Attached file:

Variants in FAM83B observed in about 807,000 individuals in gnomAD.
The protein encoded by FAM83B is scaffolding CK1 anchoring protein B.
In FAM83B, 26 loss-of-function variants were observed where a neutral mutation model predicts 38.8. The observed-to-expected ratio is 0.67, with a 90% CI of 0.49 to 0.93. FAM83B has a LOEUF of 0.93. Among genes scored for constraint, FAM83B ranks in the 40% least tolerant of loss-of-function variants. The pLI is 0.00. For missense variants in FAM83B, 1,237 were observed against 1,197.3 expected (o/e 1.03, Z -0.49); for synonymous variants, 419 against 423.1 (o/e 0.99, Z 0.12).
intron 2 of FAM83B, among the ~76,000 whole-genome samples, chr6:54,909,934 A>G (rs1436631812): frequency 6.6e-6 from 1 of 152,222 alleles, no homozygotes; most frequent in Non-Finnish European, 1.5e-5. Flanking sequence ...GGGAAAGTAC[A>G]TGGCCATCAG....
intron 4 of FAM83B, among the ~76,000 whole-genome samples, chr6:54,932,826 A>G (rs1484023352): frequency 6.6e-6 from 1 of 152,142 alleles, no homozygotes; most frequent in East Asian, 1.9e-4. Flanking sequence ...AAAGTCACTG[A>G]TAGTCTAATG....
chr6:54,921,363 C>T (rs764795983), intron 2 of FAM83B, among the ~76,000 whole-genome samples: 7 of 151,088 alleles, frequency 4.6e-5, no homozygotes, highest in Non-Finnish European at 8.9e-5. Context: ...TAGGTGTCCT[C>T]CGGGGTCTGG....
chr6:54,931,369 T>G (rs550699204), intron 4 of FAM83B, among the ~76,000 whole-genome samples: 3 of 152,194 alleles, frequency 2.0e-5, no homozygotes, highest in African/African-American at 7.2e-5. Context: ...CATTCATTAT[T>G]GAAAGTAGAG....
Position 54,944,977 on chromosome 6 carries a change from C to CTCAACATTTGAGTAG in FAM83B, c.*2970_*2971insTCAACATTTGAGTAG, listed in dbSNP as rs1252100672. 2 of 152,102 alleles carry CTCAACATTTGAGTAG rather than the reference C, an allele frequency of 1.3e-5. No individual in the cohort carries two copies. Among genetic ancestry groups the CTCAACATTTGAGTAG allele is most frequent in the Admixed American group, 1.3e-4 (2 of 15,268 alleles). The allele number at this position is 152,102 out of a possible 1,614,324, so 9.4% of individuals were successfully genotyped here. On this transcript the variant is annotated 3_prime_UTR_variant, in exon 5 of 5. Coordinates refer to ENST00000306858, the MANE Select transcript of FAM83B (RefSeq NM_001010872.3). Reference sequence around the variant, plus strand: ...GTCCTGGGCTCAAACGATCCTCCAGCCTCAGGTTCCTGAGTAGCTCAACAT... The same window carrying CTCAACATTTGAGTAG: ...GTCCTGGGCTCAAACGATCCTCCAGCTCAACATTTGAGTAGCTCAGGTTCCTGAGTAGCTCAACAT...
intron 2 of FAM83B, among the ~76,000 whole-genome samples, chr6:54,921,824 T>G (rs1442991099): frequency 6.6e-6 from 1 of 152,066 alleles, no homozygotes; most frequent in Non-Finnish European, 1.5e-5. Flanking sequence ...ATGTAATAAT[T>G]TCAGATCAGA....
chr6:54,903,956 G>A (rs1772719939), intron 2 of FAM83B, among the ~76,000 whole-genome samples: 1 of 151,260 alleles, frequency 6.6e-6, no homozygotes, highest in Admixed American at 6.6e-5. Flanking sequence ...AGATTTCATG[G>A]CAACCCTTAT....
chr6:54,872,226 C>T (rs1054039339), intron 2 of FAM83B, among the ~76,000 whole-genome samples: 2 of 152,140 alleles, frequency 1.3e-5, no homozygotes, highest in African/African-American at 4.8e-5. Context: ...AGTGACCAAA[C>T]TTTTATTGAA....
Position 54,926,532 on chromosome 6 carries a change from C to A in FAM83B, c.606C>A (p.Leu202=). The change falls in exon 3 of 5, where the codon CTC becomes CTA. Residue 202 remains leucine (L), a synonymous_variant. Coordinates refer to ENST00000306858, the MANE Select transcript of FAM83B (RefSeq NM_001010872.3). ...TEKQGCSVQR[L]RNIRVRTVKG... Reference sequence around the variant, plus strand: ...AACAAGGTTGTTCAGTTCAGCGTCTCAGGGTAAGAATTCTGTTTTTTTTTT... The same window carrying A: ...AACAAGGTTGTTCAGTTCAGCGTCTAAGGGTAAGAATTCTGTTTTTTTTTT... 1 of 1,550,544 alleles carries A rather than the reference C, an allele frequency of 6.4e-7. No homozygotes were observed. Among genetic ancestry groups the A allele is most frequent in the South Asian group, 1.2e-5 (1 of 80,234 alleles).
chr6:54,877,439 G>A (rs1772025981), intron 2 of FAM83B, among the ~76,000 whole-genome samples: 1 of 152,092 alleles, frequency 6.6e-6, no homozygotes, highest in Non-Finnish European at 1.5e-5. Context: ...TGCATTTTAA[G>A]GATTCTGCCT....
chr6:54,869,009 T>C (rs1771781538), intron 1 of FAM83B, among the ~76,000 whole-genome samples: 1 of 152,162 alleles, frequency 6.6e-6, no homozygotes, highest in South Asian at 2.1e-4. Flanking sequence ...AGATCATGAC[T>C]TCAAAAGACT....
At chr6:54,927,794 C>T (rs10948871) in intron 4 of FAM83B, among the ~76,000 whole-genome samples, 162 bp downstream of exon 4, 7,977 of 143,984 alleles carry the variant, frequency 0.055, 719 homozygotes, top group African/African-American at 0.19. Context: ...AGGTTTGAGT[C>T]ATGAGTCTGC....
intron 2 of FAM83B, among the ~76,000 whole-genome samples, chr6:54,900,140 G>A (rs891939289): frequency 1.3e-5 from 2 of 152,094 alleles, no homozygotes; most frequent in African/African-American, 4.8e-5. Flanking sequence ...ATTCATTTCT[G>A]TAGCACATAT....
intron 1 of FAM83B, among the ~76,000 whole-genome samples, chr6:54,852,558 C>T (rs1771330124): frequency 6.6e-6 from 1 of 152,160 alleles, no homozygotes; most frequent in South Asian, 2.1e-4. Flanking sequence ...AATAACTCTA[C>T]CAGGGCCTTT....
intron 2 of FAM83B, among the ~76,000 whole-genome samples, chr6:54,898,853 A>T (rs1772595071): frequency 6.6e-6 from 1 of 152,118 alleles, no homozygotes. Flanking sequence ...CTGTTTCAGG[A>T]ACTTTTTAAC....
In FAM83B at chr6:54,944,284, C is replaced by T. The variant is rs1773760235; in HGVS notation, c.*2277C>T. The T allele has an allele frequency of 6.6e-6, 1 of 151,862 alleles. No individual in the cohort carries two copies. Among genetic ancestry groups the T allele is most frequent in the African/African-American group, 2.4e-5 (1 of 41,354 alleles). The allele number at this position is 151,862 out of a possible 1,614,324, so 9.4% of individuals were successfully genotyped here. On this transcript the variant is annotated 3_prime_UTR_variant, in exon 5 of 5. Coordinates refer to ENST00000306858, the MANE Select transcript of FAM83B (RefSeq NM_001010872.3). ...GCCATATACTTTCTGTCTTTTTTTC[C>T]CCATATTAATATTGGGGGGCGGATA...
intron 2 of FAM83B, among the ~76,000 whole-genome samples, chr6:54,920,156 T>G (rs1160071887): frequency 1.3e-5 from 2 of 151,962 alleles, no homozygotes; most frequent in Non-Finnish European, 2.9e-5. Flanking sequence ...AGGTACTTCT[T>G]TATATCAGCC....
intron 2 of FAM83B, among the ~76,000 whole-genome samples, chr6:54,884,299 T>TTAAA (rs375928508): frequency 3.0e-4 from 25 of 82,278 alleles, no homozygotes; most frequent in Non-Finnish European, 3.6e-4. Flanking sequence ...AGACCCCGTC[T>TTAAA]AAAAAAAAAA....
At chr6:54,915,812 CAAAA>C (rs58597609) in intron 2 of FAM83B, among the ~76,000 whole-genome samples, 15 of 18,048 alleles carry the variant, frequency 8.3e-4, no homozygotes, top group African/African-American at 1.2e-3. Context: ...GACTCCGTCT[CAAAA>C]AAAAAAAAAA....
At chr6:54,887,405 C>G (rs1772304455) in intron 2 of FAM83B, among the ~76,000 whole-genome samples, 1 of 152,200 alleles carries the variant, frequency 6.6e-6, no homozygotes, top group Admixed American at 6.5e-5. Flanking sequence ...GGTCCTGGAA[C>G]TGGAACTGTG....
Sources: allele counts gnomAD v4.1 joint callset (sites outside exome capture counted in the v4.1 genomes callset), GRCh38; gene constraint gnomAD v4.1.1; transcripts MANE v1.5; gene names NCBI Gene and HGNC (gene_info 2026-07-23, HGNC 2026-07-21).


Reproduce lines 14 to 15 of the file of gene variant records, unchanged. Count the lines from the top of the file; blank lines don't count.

chr6:54,869,009 T>C (rs1771781538), intron 1 of FAM83B, among the ~76,000 whole-genome samples: 1 of 152,162 alleles, frequency 6.6e-6, no homozygotes, highest in South Asian at 2.1e-4. Flanking sequence ...AGATCATGAC[T>C]TCAAAAGACT....
At chr6:54,927,794 C>T (rs10948871) in intron 4 of FAM83B, among the ~76,000 whole-genome samples, 162 bp downstream of exon 4, 7,977 of 143,984 alleles carry the variant, frequency 0.055, 719 homozygotes, top group African/African-American at 0.19. Context: ...AGGTTTGAGT[C>T]ATGAGTCTGC....